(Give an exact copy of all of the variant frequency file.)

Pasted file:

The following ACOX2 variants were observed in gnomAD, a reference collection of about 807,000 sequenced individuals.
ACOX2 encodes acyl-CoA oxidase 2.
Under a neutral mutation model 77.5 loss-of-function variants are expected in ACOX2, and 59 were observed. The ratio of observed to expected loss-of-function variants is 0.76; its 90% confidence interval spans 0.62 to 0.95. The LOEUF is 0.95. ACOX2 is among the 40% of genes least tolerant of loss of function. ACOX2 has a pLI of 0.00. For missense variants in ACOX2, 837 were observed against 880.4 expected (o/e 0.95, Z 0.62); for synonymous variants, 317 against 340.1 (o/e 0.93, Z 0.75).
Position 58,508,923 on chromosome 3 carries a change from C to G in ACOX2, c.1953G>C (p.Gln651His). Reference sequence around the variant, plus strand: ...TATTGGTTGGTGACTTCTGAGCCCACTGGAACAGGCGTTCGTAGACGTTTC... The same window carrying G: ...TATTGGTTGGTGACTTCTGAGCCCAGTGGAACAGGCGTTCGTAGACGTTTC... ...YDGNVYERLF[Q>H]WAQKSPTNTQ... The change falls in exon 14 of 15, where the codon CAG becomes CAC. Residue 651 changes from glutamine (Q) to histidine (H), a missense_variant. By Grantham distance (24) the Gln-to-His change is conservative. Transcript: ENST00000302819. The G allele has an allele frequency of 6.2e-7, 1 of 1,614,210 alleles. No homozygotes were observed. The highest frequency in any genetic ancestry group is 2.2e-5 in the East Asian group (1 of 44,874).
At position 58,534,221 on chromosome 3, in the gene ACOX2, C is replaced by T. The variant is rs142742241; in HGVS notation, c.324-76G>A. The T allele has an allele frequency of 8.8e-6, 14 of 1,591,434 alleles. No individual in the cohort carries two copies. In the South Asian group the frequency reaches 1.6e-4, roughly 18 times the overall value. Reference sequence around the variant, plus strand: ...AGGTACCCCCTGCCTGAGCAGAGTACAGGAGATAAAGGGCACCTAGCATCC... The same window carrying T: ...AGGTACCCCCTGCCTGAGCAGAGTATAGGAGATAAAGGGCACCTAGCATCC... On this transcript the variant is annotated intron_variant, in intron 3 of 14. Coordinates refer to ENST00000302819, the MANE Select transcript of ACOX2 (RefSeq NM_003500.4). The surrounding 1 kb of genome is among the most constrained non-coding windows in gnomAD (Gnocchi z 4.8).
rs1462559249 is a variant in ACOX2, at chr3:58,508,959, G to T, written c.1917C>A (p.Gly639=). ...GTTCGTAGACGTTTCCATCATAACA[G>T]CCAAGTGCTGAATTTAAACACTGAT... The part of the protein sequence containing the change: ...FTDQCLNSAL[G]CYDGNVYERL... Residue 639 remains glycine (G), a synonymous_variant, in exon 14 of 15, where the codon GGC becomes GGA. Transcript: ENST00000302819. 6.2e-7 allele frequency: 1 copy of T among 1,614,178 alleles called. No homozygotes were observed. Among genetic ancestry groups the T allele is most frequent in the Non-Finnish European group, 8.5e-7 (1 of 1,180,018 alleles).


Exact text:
The following ACOX2 variants were observed in gnomAD, a reference collection of about 807,000 sequenced individuals.
ACOX2 encodes acyl-CoA oxidase 2.
Under a neutral mutation model 77.5 loss-of-function variants are expected in ACOX2, and 59 were observed. The ratio of observed to expected loss-of-function variants is 0.76; its 90% confidence interval spans 0.62 to 0.95. The LOEUF is 0.95. ACOX2 is among the 40% of genes least tolerant of loss of function. ACOX2 has a pLI of 0.00. For missense variants in ACOX2, 837 were observed against 880.4 expected (o/e 0.95, Z 0.62); for synonymous variants, 317 against 340.1 (o/e 0.93, Z 0.75).
Position 58,508,923 on chromosome 3 carries a change from C to G in ACOX2, c.1953G>C (p.Gln651His). Reference sequence around the variant, plus strand: ...TATTGGTTGGTGACTTCTGAGCCCACTGGAACAGGCGTTCGTAGACGTTTC... The same window carrying G: ...TATTGGTTGGTGACTTCTGAGCCCAGTGGAACAGGCGTTCGTAGACGTTTC... ...YDGNVYERLF[Q>H]WAQKSPTNTQ... The change falls in exon 14 of 15, where the codon CAG becomes CAC. Residue 651 changes from glutamine (Q) to histidine (H), a missense_variant. By Grantham distance (24) the Gln-to-His change is conservative. Transcript: ENST00000302819. The G allele has an allele frequency of 6.2e-7, 1 of 1,614,210 alleles. No homozygotes were observed. The highest frequency in any genetic ancestry group is 2.2e-5 in the East Asian group (1 of 44,874).
At position 58,534,221 on chromosome 3, in the gene ACOX2, C is replaced by T. The variant is rs142742241; in HGVS notation, c.324-76G>A. The T allele has an allele frequency of 8.8e-6, 14 of 1,591,434 alleles. No individual in the cohort carries two copies. In the South Asian group the frequency reaches 1.6e-4, roughly 18 times the overall value. Reference sequence around the variant, plus strand: ...AGGTACCCCCTGCCTGAGCAGAGTACAGGAGATAAAGGGCACCTAGCATCC... The same window carrying T: ...AGGTACCCCCTGCCTGAGCAGAGTATAGGAGATAAAGGGCACCTAGCATCC... On this transcript the variant is annotated intron_variant, in intron 3 of 14. Coordinates refer to ENST00000302819, the MANE Select transcript of ACOX2 (RefSeq NM_003500.4). The surrounding 1 kb of genome is among the most constrained non-coding windows in gnomAD (Gnocchi z 4.8).
rs1462559249 is a variant in ACOX2, at chr3:58,508,959, G to T, written c.1917C>A (p.Gly639=). ...GTTCGTAGACGTTTCCATCATAACA[G>T]CCAAGTGCTGAATTTAAACACTGAT... The part of the protein sequence containing the change: ...FTDQCLNSAL[G]CYDGNVYERL... Residue 639 remains glycine (G), a synonymous_variant, in exon 14 of 15, where the codon GGC becomes GGA. Transcript: ENST00000302819. 6.2e-7 allele frequency: 1 copy of T among 1,614,178 alleles called. No homozygotes were observed. Among genetic ancestry groups the T allele is most frequent in the Non-Finnish European group, 8.5e-7 (1 of 1,180,018 alleles).